EU Referendum and UK poverty
Assuming what the telegraph says is correct, then YES. And it seems quite reasonable to me. This whole issue of residence could have been settled by now if it wasn’t for the obstructiveness of the EU - particularly Germany - & their insistence on leaving it until Article 50 is triggered.
let the whiff whaff commence..
The Conservative government is likely to be defeated in the House of Lords over the issue of securing the rights of EU citizens living in the UK, despite a last minute plea from the home secretary, Amber Rudd.
Peers are lining up to support a Labour party amendment – which now has the formal backing of a Conservative, a Liberal Democrat and a crossbencher – calling on ministers to bring forward proposals to protect Europeans resident in Britain within three months of article 50 being triggered.
Guess for completion, we should add this here:
Hold onto your hats, here we go….
The UK’s Permanent Representative to the European Union, Sir Tim Barrow, has this morning informed the office of European Council President, Donald Tusk, of the UK’s intention to invoke Article 50 of the Lisbon Treaty on March 29, 2017.
Whoops-a-daisy, they clean forgot to tell anyone in Scotland they were going to do this though allegedly…
Michael Russell, who is leading the Scottish government’s Brexit talks with Westminster, said he only found out the date when it was reported by the BBC.
Mr Russell, who is a member of the Joint Ministerial Committee (JMC) on EU negotiations, tweeted: “Thank you @BBCNews for letting JMC members like me know that #Article50 is to be triggered next week”.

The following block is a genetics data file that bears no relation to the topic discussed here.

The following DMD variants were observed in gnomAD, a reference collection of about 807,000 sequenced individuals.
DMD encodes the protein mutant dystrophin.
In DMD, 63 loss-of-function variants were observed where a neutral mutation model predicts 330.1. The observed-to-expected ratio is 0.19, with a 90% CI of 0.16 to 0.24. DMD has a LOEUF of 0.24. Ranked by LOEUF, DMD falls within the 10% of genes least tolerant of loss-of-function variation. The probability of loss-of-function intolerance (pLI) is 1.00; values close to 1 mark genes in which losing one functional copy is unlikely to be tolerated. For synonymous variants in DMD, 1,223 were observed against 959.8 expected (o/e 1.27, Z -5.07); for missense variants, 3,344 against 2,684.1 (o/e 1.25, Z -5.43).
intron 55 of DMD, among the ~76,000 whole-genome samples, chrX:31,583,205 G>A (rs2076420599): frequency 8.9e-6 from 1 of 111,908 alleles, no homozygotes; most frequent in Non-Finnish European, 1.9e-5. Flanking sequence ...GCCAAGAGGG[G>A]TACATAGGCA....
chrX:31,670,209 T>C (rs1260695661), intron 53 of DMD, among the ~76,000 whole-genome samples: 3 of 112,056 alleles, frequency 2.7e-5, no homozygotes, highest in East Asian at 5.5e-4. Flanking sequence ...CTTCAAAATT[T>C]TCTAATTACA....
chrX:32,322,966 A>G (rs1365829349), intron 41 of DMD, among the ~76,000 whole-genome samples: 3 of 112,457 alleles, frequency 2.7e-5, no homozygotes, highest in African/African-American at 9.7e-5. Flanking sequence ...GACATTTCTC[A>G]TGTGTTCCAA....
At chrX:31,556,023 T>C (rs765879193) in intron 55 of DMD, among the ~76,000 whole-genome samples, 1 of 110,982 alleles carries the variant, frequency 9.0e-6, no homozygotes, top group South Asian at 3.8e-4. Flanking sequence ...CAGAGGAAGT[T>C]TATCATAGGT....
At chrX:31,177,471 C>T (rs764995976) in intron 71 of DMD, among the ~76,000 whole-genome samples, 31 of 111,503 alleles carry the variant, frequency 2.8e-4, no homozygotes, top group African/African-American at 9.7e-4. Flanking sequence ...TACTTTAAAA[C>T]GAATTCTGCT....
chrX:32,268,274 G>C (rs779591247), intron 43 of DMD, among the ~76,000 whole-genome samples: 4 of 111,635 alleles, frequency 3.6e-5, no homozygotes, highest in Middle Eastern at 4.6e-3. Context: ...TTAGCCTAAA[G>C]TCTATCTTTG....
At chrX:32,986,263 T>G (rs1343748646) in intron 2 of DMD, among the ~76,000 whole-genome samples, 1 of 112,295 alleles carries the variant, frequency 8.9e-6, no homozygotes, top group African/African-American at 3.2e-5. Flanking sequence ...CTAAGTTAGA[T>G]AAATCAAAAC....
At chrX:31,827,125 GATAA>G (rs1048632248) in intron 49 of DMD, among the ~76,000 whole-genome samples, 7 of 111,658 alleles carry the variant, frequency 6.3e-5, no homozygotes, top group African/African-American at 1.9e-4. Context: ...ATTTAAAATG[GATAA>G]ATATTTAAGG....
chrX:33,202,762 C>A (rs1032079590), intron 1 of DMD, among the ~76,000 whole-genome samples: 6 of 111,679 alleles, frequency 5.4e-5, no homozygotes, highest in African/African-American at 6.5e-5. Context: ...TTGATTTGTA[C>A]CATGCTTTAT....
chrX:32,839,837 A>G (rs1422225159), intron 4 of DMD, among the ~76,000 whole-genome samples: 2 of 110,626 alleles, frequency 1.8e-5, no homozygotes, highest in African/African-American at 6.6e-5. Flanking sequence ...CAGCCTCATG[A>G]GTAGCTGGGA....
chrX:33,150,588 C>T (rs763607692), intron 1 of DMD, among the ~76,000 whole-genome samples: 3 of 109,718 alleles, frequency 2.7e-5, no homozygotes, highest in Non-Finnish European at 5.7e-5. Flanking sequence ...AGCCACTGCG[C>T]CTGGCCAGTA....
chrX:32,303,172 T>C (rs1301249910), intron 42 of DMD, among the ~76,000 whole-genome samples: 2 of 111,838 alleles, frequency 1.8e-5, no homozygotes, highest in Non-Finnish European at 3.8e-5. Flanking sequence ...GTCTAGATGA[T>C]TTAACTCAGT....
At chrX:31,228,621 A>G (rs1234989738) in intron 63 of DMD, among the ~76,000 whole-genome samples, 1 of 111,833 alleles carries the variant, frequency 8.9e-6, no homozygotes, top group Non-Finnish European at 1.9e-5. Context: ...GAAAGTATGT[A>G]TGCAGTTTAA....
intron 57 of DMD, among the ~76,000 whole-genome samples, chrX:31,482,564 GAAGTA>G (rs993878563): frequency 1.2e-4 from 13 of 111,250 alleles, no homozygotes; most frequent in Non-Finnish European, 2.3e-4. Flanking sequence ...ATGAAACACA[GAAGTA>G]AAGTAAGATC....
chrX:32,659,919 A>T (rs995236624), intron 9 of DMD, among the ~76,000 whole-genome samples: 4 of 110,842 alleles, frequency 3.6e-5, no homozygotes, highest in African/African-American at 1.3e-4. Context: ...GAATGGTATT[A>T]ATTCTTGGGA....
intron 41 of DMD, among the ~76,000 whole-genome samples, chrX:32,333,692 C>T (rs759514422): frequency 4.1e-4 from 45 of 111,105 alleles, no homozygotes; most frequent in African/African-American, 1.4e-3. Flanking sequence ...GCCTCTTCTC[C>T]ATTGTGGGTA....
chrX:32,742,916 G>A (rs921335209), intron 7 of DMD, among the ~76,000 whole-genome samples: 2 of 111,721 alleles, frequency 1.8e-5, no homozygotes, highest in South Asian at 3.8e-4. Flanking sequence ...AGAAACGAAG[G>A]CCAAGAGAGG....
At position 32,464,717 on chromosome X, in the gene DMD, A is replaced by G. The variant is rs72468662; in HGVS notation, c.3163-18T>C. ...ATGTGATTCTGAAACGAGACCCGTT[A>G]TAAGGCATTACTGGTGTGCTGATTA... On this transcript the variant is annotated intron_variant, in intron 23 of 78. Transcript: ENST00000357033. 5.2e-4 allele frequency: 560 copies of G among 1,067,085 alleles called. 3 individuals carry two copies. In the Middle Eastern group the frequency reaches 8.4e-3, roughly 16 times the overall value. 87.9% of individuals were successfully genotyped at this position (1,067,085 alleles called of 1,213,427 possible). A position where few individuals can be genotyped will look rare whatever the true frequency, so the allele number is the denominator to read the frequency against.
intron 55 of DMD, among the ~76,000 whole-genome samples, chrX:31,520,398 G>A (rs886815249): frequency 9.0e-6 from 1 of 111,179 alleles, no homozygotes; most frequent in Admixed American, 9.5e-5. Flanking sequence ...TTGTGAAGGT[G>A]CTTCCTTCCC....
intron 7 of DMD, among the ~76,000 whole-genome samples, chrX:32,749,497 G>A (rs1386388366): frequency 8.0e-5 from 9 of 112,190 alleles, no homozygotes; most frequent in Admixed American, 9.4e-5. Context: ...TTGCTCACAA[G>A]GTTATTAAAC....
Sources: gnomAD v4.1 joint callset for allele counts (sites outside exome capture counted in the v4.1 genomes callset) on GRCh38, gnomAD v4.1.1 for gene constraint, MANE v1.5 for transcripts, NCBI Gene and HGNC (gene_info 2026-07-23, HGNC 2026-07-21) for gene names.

He added that the UK government “somehow forgot to inform us”.
Ahead of the publication of the Great Repeal Bill white paper today ....
From the Guardian:
The government’s great repeal bill will create sweeping temporary powers to allow ministers to tweak laws that would otherwise not “work appropriately” after Brexit, David Davis is expected to announce.
According to a leaked copy of his statement to MPs, obtained by the Guardian, Davis will tell MPs that as well as transposing aspects of EU legislation into UK law, the bill, which will be tabled later this year, will create a new power to “correct the statute book”.
“Once EU law has been converted into domestic law, parliament will be able to pass legislation to amend, repeal or improve any piece of EU law it chooses – as will the devolved legislatures, where they have power to do so,” he is expected to say.
“However, further steps will be needed to provide a smooth and orderly exit. This is because a large number of laws – both existing domestic laws and those we convert into UK law – will not work properly if we leave the EU without taking further action.
To overcome this, the great repeal bill will provide a power to correct the statute book where necessary to resolve the problems which will occur as a consequence of leaving the EU ...”
Here we go .... The Great Repeal Bill: White Paper ..
Summary of main provisions ....
The Great Repeal Bill will do three main things:
a. First, it will repeal the European Communities Act 1972 and return power to UK institutions.
b. Second, subject to the detail of the proposals set out in this White Paper, the Bill will convert EU law as it stands at the moment of exit into UK law before we leave the EU, and ensure that it will be up to the UK Parliament (and, where appropriate, the devolved legislatures) to amend, repeal or improve any piece of EU law (once it has been brought into UK law) at the appropriate time once we have left the EU.
c. Finally, the Bill will create powers to make secondary legislation. This will enable corrections to be made to the laws that would otherwise no longer operate appropriately once we have left the EU, so that our legal system continues to function correctly outside the EU, and will also enable domestic law once we have left the EU to reflect the content of any withdrawal agreement under Article 50.